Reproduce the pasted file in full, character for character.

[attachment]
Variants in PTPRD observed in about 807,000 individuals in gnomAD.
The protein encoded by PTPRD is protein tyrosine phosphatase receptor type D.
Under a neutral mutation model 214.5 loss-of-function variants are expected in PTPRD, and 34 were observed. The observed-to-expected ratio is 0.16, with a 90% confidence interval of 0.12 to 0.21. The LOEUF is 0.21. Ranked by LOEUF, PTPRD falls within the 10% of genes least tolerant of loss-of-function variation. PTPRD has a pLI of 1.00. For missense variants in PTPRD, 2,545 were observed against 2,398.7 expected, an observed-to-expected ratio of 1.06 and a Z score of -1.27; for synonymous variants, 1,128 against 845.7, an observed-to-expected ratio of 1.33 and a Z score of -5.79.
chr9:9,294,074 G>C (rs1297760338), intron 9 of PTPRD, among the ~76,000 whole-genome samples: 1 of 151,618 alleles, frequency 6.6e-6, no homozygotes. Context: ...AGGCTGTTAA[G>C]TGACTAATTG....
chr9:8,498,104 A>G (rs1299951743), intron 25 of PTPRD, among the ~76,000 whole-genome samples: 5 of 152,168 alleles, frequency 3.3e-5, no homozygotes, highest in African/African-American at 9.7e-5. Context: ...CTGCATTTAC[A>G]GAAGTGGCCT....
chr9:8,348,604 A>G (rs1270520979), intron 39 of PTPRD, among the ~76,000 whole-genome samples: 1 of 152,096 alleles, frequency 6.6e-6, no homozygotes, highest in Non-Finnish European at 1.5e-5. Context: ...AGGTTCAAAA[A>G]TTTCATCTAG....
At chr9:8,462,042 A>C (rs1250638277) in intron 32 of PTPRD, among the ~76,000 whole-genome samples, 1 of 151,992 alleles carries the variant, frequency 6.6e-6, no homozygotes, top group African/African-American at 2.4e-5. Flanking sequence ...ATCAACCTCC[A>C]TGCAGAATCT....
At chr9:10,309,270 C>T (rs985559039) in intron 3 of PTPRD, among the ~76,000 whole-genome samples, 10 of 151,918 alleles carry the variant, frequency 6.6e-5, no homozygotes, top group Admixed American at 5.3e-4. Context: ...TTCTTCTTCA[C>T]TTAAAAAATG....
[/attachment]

Variants in PTPRD observed in about 807,000 individuals in gnomAD.
The protein encoded by PTPRD is protein tyrosine phosphatase receptor type D.
Under a neutral mutation model 214.5 loss-of-function variants are expected in PTPRD, and 34 were observed. The observed-to-expected ratio is 0.16, with a 90% confidence interval of 0.12 to 0.21. The LOEUF is 0.21. Ranked by LOEUF, PTPRD falls within the 10% of genes least tolerant of loss-of-function variation. PTPRD has a pLI of 1.00. For missense variants in PTPRD, 2,545 were observed against 2,398.7 expected, an observed-to-expected ratio of 1.06 and a Z score of -1.27; for synonymous variants, 1,128 against 845.7, an observed-to-expected ratio of 1.33 and a Z score of -5.79.
chr9:9,294,074 G>C (rs1297760338), intron 9 of PTPRD, among the ~76,000 whole-genome samples: 1 of 151,618 alleles, frequency 6.6e-6, no homozygotes. Context: ...AGGCTGTTAA[G>C]TGACTAATTG....
chr9:8,498,104 A>G (rs1299951743), intron 25 of PTPRD, among the ~76,000 whole-genome samples: 5 of 152,168 alleles, frequency 3.3e-5, no homozygotes, highest in African/African-American at 9.7e-5. Context: ...CTGCATTTAC[A>G]GAAGTGGCCT....
chr9:8,348,604 A>G (rs1270520979), intron 39 of PTPRD, among the ~76,000 whole-genome samples: 1 of 152,096 alleles, frequency 6.6e-6, no homozygotes, highest in Non-Finnish European at 1.5e-5. Context: ...AGGTTCAAAA[A>G]TTTCATCTAG....
At chr9:8,462,042 A>C (rs1250638277) in intron 32 of PTPRD, among the ~76,000 whole-genome samples, 1 of 151,992 alleles carries the variant, frequency 6.6e-6, no homozygotes, top group African/African-American at 2.4e-5. Flanking sequence ...ATCAACCTCC[A>C]TGCAGAATCT....
At chr9:10,309,270 C>T (rs985559039) in intron 3 of PTPRD, among the ~76,000 whole-genome samples, 10 of 151,918 alleles carry the variant, frequency 6.6e-5, no homozygotes, top group Admixed American at 5.3e-4. Context: ...TTCTTCTTCA[C>T]TTAAAAAATG....